When I first met Meredith Perry she was 24. That was three months ago this week. Today I’m handing her the largest A-round check I’ve ever written as a VC as we lead her $10 million A-Round at uBeam.
As I’ve written about recently, at Upfront Ventures we started talking a couple of years ago about wanting to fund stuff with more meaning. I think this is a combination of being realists as venture capitalists that outsized returns in our funds must come from taking on bigger, more impactful projects that can move markets. It is also a function of the stage of much of our careers where we aren’t interested in playing small ball with incrementalism on how to squeeze out an extra 5% of margin by optimizing the Internet slightly better.
The reality is that as VCs we have limited allocations of where we can spend our time so we want to attach ourselves to projects in which we, too, can be passionate. It’s true the some VCs have started writing so many checks that they resemble stock pickers but the majority of us still have less than 10 board seats at any time and tend to go pretty deep so the result is that we care deeply about where we commit our time.
Meredith came to see me along with the CTO Marc Berte. They had been introduced by my friend Brian Garrett, a partner at Crosscut Ventures and the ambition outlined in their deck seemed almost unbelievable, “to make wireless charging of phones (and other devices) as easy as WiFi” that I had to see it for myself.
I’m pretty on record as saying I don’t think many private-to-private tech mergers make sense. They are often done from a position of weakness. Something in both companies isn’t working, which is why they come together.
I often don’t believe in the therm M&A because in my experience mostly A works.
But of course there are always exceptions. And even when I remain skeptical sometimes opportunities present themselves that prove one should never be absolutist.
As many people know I funded a company called Moonfrye almost 2 years ago led by two amazing women – Kara Nortman & Soleil Moon Frye. Our goal from the outset was to build a great eCommerce experience that could compete with Michels on one side (for DIY / crafting) and Party City on the other (throwing events / parties / celebrations).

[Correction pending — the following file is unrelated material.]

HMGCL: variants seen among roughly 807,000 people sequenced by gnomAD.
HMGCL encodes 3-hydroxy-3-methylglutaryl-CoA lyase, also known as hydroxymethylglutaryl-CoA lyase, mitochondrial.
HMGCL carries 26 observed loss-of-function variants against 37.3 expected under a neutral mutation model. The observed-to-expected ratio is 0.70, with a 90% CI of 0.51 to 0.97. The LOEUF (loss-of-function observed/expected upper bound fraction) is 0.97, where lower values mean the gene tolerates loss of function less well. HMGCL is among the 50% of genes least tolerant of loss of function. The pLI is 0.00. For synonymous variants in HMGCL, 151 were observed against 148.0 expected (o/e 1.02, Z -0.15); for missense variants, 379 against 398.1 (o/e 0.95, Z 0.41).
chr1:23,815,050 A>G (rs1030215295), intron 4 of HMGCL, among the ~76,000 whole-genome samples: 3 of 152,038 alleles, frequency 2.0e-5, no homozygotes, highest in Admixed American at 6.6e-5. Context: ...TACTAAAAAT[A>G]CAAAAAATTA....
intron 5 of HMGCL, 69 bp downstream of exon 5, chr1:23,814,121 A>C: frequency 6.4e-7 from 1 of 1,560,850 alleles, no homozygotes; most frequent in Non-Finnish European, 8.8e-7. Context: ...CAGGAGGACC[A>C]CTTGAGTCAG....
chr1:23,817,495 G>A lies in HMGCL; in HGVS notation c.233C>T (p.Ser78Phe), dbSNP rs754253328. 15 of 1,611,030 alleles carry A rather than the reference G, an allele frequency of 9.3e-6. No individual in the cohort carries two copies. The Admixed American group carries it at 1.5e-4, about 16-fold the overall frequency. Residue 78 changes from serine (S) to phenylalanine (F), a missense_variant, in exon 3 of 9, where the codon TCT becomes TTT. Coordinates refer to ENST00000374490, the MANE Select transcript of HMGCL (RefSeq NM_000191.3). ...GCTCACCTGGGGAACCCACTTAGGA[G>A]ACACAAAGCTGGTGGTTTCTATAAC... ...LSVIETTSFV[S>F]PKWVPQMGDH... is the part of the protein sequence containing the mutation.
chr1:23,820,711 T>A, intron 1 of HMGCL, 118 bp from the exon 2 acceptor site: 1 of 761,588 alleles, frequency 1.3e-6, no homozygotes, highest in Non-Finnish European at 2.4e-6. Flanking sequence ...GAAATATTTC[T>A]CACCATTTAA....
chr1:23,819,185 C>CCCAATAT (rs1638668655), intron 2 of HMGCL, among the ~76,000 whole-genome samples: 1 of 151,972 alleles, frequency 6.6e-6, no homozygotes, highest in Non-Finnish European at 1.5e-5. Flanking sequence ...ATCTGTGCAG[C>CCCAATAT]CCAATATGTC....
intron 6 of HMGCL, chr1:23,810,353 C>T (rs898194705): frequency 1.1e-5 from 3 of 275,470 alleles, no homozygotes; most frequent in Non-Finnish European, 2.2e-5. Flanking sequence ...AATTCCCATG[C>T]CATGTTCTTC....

The thesis was simple. Mom’s struggle to plan events and activities for their kids. Most products out there suck so mom gets stuck with angst of wanting to have decorations, activities and chatzkies for other kids to take home. What should be an enjoyable experience turns into a time-suck obligation and angst-ridden day of self questioning.
Our product name is P.S.
Yesterday I wrote a post about The Silent Benefits of PR in which I pointed out that most young companies I encounter don’t fully grasp the benefits of PR because they are less measurable than product milestones or customer acquisition analyses (like CAC/LTV).
In that article I talked about how PR drives: recruiting, employee retention, biz dev deals, funding and even M&A and that often “attribution” to your PR activities is unknown. It’s like “direct” traffic to your website that seems to magically appear.
But of course it’s hard to advise people that they should do PR without a guide to how to do it on the cheap or how to do it at all.
When to start PR?
I’m generally not a believer in too much PR until you have a product built or at least well designed. This is somewhat changing in the world of crowd funding where people actually raise money so that they can build products but at a minimum your product design ought to be complete and ready to execute.
I’ve been having this PR discussion with three separate portfolio companies at once so I thought I’d just publish my thoughts more broadly.
I have written many times about PR so if you want a deep dive on the “how” of PR you may enjoy reading some of these posts.
PR is an insanely valuable activity in early-stage companies. Very few investors understand this and even fewer startups. When you’re an early-stage business every dollar matters and because many startup teams these days are very product & technology centric they often miscalculate the importance of PR. I believe PR is often not tangibly measurable and for quant-oriented people this is hard to accept.
The benefits of PR are exactly that: Immeasurable. They are silent. They don’t show up in a calculation that says I spent $7,000 and I got X-thousands inches of press. It doesn’t work that way.
1. Recruiting – One of the hardest tasks of any startups is recruiting world-class talent.
We are often asked how companies get funded, why VCs make the decisions we make and what we’re looking for in entrepreneurs. I think this is a Seriously great example of how this process works for at least one VC – Upfront Ventures. But I’m guessing the narrative is similar elsewhere.
I first met Andrew Stalbow, the founder & CEO of Seriously in August of 2013. He hit me from two very trusted sources. On August 23rd, 2013 I had an email intro from my good friend and trusted source Jeff Berman who only sends me stuff when it is somebody he respects (ie a strong filter vs. those who send casual intros). On August 26th I had an equally effusive intro from Ynon Kreiz, also a friend, trusted source and also the CEO of portfolio company Maker Studios. So this was definitely an introduction I was going to take.
We met on August 28th, 2013 and I know this because literally the next day